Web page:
Systems Thinking

The Systems Thinking Special Interest Group (ST-SIG) is for Systems/OR practitioners who are using, or want to learn about, systems theories, methodologies and methods to prevent or address highly complex organizational, social and environmental problems.

We have an inclusive understanding of systems thinking, and value contributions from all the theoretical and methodological traditions using that term. We also welcome insights from the closely-related fields of cybernetics, systems science and complexity.

The SIG has a broad aim of fostering interest in, and increasing knowledge of, systems thinking. We provide a forum for practitioners to share their experiences and learn from one another, and also to support academics in their applied research and teaching. We are particularly keen to enable collaborations between practitioners and academics, in the belief that significant, synergistic innovations can arise from open-minded learning between people working in different contexts.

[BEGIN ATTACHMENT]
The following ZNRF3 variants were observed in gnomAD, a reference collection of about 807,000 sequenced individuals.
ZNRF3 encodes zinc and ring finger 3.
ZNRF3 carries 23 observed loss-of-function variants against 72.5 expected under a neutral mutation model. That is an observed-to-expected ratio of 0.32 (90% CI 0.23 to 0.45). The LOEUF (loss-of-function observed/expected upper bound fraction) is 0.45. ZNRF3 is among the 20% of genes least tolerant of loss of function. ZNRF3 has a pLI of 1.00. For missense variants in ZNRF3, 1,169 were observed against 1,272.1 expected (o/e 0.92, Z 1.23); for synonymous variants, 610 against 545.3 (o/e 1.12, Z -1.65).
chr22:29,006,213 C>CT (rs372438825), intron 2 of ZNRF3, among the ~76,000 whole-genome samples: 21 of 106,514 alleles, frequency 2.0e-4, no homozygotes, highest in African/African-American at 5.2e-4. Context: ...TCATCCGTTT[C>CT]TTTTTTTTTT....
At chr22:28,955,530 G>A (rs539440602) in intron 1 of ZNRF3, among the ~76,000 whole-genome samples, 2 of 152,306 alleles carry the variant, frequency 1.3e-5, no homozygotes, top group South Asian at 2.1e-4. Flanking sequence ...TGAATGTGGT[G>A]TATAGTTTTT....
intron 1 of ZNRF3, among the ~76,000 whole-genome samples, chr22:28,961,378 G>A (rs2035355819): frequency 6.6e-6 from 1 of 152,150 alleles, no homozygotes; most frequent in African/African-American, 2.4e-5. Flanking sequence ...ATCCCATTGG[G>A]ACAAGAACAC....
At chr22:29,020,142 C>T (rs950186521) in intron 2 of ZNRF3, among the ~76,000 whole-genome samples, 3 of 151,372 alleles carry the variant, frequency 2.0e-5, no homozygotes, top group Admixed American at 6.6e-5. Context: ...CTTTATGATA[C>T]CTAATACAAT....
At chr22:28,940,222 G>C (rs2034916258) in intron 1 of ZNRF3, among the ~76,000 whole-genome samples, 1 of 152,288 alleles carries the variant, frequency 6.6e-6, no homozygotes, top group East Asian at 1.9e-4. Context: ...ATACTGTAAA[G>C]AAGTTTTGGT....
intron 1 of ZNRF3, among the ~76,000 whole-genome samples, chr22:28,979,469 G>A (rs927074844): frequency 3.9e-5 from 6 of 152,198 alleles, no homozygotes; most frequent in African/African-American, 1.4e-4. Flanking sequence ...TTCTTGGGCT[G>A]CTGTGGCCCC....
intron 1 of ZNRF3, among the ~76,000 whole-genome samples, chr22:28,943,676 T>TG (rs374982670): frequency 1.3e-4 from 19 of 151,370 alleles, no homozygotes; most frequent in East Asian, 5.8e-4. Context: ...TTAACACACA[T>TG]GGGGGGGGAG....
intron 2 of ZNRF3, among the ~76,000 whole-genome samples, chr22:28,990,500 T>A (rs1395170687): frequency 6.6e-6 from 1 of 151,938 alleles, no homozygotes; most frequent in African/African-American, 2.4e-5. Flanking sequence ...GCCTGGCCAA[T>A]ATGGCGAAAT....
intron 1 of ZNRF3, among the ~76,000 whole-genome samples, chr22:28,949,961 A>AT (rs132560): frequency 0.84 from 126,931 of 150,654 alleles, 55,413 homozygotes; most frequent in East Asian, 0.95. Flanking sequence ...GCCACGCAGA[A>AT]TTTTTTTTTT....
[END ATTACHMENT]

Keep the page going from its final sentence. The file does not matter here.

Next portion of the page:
We aim to host quarterly sessions with guest speakers, and the production of a newsletter is under discussion. We will also continue to host the Systems Thinking stream at the annual conference of the OR Society. For several years, this has been the largest stream at the conference, with 60+ paper presentations and thriving dialogue and debate. We will make sure these annual get-togethers continue.

As this is a new SIG, we are still developing what we want to offer the Systems/OR community, and we welcome ideas for things that you yourself would like to organize (preferably online, as the membership is geographically dispersed). Feel free to contact our Chair, Sadaf Salavati  [email protected] with proposals.

Please join us and contribute to the growing community of systems thinkers who are building the necessary capabilities to make our organizations, communities and ecosystems better places to live for current and future generations.

Committee Details

Sadaf Salavati Chair
Gerald Midgley Co-Chair
Anita Mirijamdotter Co-Chair
Ali Hamidi Secretary
Murad Eminov Secretary

Join this Special Interest Group

Sign in to receive Systems Thinking news.